This week’s main mistake….right at the end of the week my plywood order for the cuddy roof arrived in the form of 2 sheets of 5mm BS1088 plywood so I got straight on and measured up the first piece to form the first of 2 layers. That day I dry fitted the piece and I really don’t like it as the wood seems excessively floppy and prone to deforming everywhere and anyway I put a screw through the plywood to fasten it down….and that’s on a fair edge and fair side bearers. Although I can see the line and shape of the complete cuddy I can’t see a sensible way of laminating the 2 pieces together in place except perhaps for passing bolts through both pieces and bringing them together with a big pad either side. My mistake I think was in ordering 5mm ply for such a large piece where a single sheet of 8mm would probably been better or a pair of 6mm pieces which I think would have held their shape better.

In the photograph below the foredeck looks huge and the back of the boat tiny…that’s just an effect of the camera lens I have to use when up against the boat – in real view the boat currently looks like a little workboat/harbor ferry and surprisingly like the half decked dayboat which inspired the shape and layout of this boat.

Cuddy lid goes on dry-fit.

My main organisational/project management jobs this week were – firstly bidding on and ‘winning’ the Origo stove in an Ebay auction, second….making first contact with the sailmaker and discussing the sailplan ; one night during the week I got the set of drawings out and played around with drawing my rig over John’s drawing for the Yawl version – my version will have a taller mast which will be slightly further aft but with a shorter gaff and where the sail will have a more vertical leach and be shorter in the foot. Third organisational job this week was ordering more of the materials that I’ll need next ; 2 sheets of 5mm plywood to make the cuddy top from, some more glass tape and cloth for the decks and cuddy top and more basic consumables……as I write we’ll be taking a break ‘dreckly’ as we says down-ere…..and heading into town for a coffee break and to visit the country store which just happens to stock the thicker Nitrile gloves that I use……ideal for working with a fingertip to smooth an epoxy fillet or for sticking said finger up a horses bottom I guess.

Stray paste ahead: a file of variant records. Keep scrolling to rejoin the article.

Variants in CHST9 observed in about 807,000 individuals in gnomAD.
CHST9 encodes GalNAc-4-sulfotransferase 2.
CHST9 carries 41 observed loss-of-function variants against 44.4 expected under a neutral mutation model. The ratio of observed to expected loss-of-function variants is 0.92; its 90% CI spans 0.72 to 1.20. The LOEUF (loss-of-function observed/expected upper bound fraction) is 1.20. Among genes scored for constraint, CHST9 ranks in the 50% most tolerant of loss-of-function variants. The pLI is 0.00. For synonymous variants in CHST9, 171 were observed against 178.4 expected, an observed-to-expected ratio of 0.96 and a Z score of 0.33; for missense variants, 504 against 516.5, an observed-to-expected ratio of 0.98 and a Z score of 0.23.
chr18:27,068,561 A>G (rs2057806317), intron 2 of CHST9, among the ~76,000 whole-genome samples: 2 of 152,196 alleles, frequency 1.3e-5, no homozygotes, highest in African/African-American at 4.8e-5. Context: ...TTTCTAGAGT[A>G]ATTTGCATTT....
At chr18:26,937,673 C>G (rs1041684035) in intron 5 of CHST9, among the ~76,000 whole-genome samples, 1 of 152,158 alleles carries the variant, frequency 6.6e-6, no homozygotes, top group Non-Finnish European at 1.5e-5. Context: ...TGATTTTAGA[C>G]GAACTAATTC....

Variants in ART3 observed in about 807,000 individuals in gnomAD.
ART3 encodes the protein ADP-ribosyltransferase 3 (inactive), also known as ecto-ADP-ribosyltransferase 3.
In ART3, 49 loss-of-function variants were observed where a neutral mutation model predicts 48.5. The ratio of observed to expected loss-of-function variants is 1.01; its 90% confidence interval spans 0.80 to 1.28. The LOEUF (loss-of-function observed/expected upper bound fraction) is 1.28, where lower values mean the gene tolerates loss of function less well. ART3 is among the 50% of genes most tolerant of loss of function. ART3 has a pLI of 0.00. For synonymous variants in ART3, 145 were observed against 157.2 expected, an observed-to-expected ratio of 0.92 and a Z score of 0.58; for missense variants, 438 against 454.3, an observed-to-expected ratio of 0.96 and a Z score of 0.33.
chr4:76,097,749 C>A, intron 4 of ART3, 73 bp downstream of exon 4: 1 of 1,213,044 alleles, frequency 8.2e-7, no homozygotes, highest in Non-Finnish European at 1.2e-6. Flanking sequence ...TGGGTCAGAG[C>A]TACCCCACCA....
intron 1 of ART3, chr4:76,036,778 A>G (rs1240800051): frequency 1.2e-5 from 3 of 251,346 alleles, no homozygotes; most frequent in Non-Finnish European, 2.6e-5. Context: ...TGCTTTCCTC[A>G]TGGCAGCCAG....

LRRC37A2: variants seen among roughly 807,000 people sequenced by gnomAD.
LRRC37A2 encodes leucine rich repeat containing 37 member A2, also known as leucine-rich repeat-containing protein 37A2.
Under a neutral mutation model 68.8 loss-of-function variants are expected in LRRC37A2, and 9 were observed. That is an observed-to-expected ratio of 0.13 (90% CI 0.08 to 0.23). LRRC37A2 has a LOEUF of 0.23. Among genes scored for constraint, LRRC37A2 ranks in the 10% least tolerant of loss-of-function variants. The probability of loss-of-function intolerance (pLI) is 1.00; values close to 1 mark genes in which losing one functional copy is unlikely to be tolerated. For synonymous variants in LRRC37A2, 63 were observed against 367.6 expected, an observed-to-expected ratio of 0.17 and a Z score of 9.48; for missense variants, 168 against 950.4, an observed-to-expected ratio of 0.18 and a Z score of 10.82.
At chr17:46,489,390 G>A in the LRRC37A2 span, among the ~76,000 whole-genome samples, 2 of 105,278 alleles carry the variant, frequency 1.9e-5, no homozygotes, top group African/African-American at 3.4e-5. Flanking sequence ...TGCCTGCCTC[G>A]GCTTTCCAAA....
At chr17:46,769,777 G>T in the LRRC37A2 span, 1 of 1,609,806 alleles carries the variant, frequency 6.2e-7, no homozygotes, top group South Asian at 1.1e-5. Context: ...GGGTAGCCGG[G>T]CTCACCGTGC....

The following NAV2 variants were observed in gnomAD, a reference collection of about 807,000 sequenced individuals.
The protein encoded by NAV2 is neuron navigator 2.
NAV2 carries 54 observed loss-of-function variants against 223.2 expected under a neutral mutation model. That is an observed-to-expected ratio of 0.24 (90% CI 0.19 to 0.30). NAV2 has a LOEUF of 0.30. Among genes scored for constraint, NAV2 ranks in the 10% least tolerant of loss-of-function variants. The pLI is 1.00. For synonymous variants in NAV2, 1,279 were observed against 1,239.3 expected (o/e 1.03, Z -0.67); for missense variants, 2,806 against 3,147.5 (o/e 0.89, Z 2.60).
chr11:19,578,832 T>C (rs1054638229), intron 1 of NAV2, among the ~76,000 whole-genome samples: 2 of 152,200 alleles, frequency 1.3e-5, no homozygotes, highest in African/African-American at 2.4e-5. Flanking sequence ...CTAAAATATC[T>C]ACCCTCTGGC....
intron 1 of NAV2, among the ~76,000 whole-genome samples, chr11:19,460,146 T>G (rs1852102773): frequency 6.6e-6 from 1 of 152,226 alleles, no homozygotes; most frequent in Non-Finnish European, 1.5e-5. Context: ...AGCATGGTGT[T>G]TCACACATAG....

The other project management job iv’e been working on this week is the start of a slow search for a suitable trailer because I’m also not far off needing to move the boat around – yes it’s on a low dolly right now but that is only on 4″ casters so it’s not ideal for moving the boat a long way up our rough and uneven drive. I did a search through the online boats and gear site (Apollo Duck) and then just for luck Ebay…..I was surprised as on Ebay there were several pages of boat trailers and one looks promising as being 19 feet and having once had a 21 foot boat on it – according to the seller. While long term I need an EU compliant trailer so that we could take the whole rig onto the continent I need at the least a trailer with a builders plate and one long enough to take a light board solidly attached and not just taped onto the boat’s stern. This week I’ll try and have a chat with the seller and see if it will do the job – if it does then we need to get the car in for a tow hitch and the electrical kit.